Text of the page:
Picosecond real time study of the bimolecular reaction O(3P)+C2H4 and the unimolecular photodissociation of CH3CHO and H2CO

Osama K. Abou-Zied, J. Douglas McDonald

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Abstract

The bimolecular reaction of O(3P) with ethylene and the unimolecular photodissociation of acetaldehyde and formaldehyde have been studied using a picosecond pump/probe technique. The bimolecular reaction was initiated in a van der Waals dimer precursor, C2H4̇NO2, and the evolution of the vinoxy radical product monitored by laser-induced fluorescence. The NO2 constituent of the complex was photodissociated at 266 nm. The triplet oxygen atom then attacks a carbon atom of C2H4 to form a triplet diradical (CH2CH2O) which subsequently dissociates to vinoxy (CH2CHO) and H. The rise time of vinoxy radical production was measured to be 217 (+75-25) ps. RRKM theory was applied and a late high exit barrier was invoked in order to fit the measured rise time. The structure and binding energy of the van der Waals complex have been modeled using Lennard-Jones type potentials and the results were compared with other systems. The unimolecular side of the potential energy surfaces of this reaction has been investigated by photodissociating acetaldehyde at the same pump energy of 266 nm. The resulting photoproducts, acetyl radical (CH3CO) and formyl radical (HCO), have been monitored by resonance enhanced multiphoton ionization (REMPI) combined with a time-of-flight mass spectrometer. The similarity in the measured evolution times of both radicals indicates the same photodissociation pathway of the parent molecule. The photodissociation rate of acetaldehyde is estimated from RRKM theory to be very fast (3×1012s-1). The T1←S1 intersystem crossing (ISC) rate is found to be the rate determining step to photodissociation and increases with energy. The REMPI mechanism for the production of CH3CO+ is proposed to be the same as that of HCO+(2+1). The HCO product from the photodissociation of formaldehyde at 266 nm reveals a faster T1←S1 ISC rate than in acetaldehyde.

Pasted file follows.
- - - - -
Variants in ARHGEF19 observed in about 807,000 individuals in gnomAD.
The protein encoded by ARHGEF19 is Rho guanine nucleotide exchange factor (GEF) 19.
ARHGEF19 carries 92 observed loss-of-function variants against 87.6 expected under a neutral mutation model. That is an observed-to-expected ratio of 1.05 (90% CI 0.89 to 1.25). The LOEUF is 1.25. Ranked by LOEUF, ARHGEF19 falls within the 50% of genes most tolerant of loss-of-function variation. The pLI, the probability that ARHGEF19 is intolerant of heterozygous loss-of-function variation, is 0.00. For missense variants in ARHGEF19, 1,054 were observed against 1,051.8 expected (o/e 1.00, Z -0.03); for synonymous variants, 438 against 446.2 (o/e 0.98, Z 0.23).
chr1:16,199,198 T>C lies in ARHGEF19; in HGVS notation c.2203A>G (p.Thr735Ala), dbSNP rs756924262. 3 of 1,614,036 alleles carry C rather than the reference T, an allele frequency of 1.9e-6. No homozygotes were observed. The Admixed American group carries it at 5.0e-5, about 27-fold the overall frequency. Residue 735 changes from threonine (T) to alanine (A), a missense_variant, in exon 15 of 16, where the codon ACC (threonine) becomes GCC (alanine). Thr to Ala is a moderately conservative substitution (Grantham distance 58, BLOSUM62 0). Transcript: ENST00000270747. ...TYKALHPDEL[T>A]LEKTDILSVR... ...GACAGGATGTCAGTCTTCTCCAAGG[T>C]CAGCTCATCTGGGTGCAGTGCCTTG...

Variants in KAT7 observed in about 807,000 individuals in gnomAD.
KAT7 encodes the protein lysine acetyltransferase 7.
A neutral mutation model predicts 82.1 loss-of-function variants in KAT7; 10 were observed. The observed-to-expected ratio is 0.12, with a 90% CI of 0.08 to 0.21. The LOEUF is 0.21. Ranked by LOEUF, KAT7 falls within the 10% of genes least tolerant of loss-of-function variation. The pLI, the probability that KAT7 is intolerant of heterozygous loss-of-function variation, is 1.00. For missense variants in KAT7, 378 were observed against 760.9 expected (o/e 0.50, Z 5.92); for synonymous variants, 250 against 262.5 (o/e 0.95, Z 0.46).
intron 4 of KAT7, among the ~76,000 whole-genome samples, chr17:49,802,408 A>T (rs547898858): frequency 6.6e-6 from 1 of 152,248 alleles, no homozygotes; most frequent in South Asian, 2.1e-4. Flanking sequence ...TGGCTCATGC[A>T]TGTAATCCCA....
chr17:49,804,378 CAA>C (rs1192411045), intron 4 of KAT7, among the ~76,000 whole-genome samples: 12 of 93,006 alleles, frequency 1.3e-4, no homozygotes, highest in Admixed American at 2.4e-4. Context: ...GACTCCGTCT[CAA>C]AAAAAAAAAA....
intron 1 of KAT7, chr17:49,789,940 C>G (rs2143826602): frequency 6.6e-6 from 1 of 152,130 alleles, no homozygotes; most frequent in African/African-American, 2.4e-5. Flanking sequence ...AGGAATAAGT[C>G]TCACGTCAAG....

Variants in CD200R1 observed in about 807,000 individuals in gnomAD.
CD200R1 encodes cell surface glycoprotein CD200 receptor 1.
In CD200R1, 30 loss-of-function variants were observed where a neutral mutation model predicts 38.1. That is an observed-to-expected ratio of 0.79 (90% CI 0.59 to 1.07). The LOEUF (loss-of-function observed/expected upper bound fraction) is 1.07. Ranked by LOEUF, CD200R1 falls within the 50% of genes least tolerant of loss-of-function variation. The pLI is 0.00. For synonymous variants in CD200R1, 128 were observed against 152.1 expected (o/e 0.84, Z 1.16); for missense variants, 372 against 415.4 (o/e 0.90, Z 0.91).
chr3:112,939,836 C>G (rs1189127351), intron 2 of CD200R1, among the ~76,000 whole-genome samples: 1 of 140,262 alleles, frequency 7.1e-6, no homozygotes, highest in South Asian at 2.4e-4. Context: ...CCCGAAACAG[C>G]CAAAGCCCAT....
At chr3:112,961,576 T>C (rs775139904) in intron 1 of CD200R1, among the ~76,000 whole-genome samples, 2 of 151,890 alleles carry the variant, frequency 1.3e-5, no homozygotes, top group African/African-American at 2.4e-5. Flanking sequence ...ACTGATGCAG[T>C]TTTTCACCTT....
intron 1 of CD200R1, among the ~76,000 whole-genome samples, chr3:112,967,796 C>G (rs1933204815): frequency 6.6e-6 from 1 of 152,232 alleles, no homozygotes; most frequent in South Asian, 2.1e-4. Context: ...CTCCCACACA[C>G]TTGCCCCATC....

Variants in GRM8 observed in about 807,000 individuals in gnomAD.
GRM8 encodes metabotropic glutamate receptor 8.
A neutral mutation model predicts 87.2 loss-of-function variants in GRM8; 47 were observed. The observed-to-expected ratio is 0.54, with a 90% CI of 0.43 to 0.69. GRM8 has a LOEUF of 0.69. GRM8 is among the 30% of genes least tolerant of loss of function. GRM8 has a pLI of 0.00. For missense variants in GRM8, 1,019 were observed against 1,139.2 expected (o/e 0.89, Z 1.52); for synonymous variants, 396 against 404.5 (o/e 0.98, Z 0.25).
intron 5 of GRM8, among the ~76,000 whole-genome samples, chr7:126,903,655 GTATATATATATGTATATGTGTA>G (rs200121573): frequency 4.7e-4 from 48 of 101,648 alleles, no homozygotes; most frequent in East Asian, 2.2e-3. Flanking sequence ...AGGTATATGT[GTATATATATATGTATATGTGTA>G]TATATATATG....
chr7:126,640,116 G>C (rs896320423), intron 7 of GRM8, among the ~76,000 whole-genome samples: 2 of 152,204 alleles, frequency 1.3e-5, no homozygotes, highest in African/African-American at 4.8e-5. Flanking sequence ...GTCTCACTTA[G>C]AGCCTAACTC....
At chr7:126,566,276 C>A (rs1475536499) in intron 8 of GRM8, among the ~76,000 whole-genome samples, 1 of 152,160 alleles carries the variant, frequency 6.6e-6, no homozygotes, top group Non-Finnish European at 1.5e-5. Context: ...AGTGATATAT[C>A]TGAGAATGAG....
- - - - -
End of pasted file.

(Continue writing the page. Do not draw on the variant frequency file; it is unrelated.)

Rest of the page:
Original languageEnglish
Pages (from-to)1293-1301
Number of pages9
JournalJournal of Chemical Physics
Volume109
Issue number4
DOIs
Publication statusPublished - 1998

ASJC Scopus subject areas

  • Atomic and Molecular Physics, and Optics

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